As an ardent tree lover I’m the last person that likes to see a tree come down. Trees are such extraordinary ecosystems providing habitat, food and oxygen and absorbing CO2 vital for the fine balance of our climate. Yet this year, more than most, I’ve noticed a considerable number of areas locally where trees have been removed or severely cut back. What can be the reason for this? Whilst I still don’t have the answers for the whole picture I do have an insight into some local common land that is undergoing extensive tree pruning and removing which started a month ago.
Back in March I met with the current owner of 100 acres of common land in the Chiltern Hills. Christine carries the grand title of Lord of the Manors, an impressive title with an equally impressive history.
“In 1364, King Edward III granted this manor, which had been held for life by John de Cobham, to Thomas Cheyne, his shield-bearer, whose descendants in the reign of Henry VIII sold it to Lord Chief Justice Baldwin” (Source: 1806 Magna Britannia)
Historically the land has been used for a variety of purposes, cleared of most of its ancient woodland in the 18th Century it was used for a Beech plantation and harvested for the furniture industry in High Wycombe. Previous owners have also used it to extract chalk and clay and in recent history extraction of flint was undertaken for road making. At times when the commons was used for grazing it would have resembled open grassy plains but after many years of non grazing, it has become a fairly dense woodland. In the last 25 years there has been little or no maintenance of the trees and with the criss crossing of public paths and bridleways this can present some serious problems if trees become diseased, overcrowded and weakened.
In 1967 the Commons Preservation Society was set up to assist in the maintenance of the common land on behalf of the Lord of the Manors. The society has been primarily concerned with the endless battle of controlling invasive vegetation. This has included a sympathetic cutting and collecting regime and knocking back bracken with an ancient tractor to promote a greater diversity of plants.
Pockets of gorse can be found in parts of the common and is frequented by Partridges, one of the many birds using the area for habitat, nesting and breeding. On a recent visit I noticed vast swathes of bluebells shooting up between the trampled bracken, proving that the Commons Preservation Society’s hard work is having the right effect. In fact in recent years conservation work has taken greater prominence with the introduction of heather regeneration schemes and measures to promote the acid grassland which is rare in Buckinghamshire.
After seeing an aerial photo of the commons I was surprised to see just how much of the land had been colonised by woodland in a relatively short time. Lovely as it is, woodland needs to be managed to maintain tree health and prevent disease. In fact thinning out areas of woodland can benefit flora and fauna biodiversity; increased light and air allows smaller plants to flourish and can trigger dormant seed germination in cleared areas.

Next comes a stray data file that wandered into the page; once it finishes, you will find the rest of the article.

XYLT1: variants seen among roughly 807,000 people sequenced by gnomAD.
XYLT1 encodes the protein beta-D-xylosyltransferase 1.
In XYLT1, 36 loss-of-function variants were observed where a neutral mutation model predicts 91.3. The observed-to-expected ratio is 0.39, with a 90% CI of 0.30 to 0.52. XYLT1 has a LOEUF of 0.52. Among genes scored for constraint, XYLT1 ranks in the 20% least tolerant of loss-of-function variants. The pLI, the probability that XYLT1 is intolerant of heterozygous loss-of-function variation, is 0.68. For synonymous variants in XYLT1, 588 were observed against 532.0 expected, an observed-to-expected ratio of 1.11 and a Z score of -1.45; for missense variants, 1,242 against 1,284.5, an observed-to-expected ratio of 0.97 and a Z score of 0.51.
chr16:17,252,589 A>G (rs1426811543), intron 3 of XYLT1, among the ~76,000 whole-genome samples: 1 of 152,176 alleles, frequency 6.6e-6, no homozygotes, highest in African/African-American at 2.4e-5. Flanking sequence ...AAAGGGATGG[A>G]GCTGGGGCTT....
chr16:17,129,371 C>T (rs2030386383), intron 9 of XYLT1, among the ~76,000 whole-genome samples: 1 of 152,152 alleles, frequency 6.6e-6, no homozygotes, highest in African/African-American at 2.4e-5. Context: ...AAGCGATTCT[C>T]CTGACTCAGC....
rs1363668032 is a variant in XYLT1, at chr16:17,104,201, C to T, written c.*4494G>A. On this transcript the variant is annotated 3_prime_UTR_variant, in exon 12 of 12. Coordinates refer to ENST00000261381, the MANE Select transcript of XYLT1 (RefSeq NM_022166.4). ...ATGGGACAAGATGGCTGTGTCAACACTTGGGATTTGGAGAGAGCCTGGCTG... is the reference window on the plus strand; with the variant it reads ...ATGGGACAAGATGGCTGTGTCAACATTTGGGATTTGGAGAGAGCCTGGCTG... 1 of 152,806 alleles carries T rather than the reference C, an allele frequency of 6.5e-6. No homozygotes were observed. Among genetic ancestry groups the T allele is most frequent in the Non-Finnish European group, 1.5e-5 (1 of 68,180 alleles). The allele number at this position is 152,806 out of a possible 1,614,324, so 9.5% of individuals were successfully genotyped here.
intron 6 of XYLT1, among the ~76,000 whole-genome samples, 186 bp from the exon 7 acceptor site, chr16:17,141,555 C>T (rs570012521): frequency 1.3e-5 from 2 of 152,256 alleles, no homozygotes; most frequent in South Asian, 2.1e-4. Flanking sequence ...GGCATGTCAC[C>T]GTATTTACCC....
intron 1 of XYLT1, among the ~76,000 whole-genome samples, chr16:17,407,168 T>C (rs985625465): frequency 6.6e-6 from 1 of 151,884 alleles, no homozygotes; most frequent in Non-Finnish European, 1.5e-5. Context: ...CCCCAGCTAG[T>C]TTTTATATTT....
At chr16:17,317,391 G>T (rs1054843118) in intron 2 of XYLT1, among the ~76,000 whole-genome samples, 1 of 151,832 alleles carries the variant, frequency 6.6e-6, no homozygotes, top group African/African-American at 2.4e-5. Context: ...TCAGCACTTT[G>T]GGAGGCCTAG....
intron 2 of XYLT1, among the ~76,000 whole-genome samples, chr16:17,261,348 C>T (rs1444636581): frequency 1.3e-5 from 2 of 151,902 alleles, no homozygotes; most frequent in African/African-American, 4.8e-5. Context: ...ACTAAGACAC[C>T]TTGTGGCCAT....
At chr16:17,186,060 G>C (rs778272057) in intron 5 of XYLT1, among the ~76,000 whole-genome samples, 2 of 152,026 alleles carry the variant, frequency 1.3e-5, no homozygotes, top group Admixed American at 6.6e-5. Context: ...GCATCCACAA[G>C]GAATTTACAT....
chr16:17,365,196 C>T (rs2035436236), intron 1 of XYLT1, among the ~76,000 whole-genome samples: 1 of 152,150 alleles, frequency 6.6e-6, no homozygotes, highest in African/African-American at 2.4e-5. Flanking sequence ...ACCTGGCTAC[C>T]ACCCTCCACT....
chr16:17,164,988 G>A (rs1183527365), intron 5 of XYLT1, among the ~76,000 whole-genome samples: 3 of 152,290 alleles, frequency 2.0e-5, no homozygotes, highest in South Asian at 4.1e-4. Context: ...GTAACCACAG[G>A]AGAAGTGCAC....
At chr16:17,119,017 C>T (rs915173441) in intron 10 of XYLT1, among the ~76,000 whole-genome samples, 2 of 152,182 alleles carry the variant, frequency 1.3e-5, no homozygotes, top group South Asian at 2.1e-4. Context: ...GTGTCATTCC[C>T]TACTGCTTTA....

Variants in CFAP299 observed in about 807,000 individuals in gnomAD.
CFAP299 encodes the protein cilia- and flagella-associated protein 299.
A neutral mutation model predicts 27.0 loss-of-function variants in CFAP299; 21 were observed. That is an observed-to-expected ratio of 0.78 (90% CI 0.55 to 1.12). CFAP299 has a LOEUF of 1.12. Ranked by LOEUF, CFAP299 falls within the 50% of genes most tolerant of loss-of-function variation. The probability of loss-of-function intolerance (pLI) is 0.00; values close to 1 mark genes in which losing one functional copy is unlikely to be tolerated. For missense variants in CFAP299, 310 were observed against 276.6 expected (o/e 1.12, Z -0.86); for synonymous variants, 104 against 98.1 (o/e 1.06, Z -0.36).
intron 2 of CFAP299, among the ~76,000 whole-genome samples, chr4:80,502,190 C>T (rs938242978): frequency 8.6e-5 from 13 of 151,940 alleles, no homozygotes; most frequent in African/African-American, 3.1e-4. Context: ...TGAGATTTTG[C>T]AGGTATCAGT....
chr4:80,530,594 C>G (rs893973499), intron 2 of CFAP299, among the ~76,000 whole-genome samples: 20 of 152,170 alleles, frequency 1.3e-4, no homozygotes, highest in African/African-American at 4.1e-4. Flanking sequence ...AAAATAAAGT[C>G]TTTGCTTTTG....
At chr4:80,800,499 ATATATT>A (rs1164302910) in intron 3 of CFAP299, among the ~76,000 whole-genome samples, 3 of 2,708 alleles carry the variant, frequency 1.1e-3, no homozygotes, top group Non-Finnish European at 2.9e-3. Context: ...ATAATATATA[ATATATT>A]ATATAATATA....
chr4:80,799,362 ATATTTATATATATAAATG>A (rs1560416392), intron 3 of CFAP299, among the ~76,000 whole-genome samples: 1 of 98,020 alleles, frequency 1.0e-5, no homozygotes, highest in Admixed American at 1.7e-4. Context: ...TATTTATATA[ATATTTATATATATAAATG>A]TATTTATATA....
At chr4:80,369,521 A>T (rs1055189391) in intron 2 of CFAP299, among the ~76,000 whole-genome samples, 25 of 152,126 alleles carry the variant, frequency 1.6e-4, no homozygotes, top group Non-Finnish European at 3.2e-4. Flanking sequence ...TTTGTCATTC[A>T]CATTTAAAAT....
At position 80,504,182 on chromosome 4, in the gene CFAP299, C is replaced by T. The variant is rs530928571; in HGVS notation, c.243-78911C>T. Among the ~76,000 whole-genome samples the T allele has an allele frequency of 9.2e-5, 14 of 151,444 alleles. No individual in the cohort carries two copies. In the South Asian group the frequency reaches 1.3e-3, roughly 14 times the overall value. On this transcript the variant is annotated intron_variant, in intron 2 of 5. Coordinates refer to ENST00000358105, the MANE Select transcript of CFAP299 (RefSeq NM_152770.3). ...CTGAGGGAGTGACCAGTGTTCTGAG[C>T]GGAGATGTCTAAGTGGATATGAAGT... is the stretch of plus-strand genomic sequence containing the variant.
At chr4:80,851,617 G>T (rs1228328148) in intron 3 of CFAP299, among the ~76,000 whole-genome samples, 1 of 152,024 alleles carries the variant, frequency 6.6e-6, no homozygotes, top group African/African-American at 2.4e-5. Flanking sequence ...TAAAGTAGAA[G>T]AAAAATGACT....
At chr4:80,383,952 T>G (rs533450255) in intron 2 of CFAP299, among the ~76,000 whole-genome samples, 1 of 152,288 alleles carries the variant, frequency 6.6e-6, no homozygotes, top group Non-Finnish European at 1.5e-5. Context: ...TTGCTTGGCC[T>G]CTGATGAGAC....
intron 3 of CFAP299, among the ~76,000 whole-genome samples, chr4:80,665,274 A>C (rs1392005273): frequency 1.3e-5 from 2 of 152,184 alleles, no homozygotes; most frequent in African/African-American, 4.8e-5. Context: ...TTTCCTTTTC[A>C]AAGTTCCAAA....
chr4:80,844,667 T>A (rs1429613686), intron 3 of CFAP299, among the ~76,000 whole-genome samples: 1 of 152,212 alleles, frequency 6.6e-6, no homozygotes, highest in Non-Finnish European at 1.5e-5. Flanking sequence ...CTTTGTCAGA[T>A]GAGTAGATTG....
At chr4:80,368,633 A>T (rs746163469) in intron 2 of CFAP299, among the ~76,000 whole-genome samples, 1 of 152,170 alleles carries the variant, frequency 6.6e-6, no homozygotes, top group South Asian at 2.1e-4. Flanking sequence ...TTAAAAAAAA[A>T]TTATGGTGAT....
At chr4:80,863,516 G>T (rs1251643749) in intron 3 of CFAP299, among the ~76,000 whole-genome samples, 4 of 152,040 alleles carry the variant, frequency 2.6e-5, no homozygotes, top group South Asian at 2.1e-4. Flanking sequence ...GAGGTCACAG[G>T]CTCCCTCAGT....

Although Christine could manage the land more cost effectively, she has chosen to maintain the land with conservation as the focus. The commons are designated as a County Wildlife Site and locals report seeing Pheasants and Red-legged Partridges and last year I was lucky enough to witness the gorgeous vision of an Owl ‘drift’ through a valley of trees.
Cuckoos are seasonal visitors alongside the standard fare of a variety of songbirds, Rooks, Jackdaws and Magpies. The area is also home to Red Kite, Roe Deer, Muntjac, Badgers and the occasional Pole Cat. The woodland glades and edges of the more open grassland areas provide feeding grounds and reproduction sites for many butterflies, including Commas, Gatekeepers, Marbled Whites, Skippers, Purple and White-letter Hairstreaks and the occasional Silver-washed Fritillary and White Admiral.
A management plan for the woodland was produced with the help of the Forestry Commission. After three years of consultation Christine decided to go ahead with the plan whilst the Forestry Commission were willing to help with some of the costs. It is a huge project of tree thinning and coppicing aimed at producing sustainable managed woodland for the future. At a later date there is the possibility that the coppiced wood may be sold to a local brick company who use wood charcoal to fire their premium range bricks, thus creating a sustainable local relationship which would also help towards the cost of the coppicing.
As part of the project Christine has located 40 Veteran trees of special interest which will be revealed in all their glory by thinning out woodland, where necessary, around them. This will also ensure that they are not damaged in winter storms by surrounding trees and branches. The second stage of the tree management will include the coppicing and reduction of trees along the public roads that run along the side of the commons, with a final stage of thinning out of trees across the common planned for 2015.
On this occasion the planned and considered coppicing and removal of certain trees is the right action plan for the future of these gorgeous commons, and I for one am truly grateful that the present owner is a true conservationist.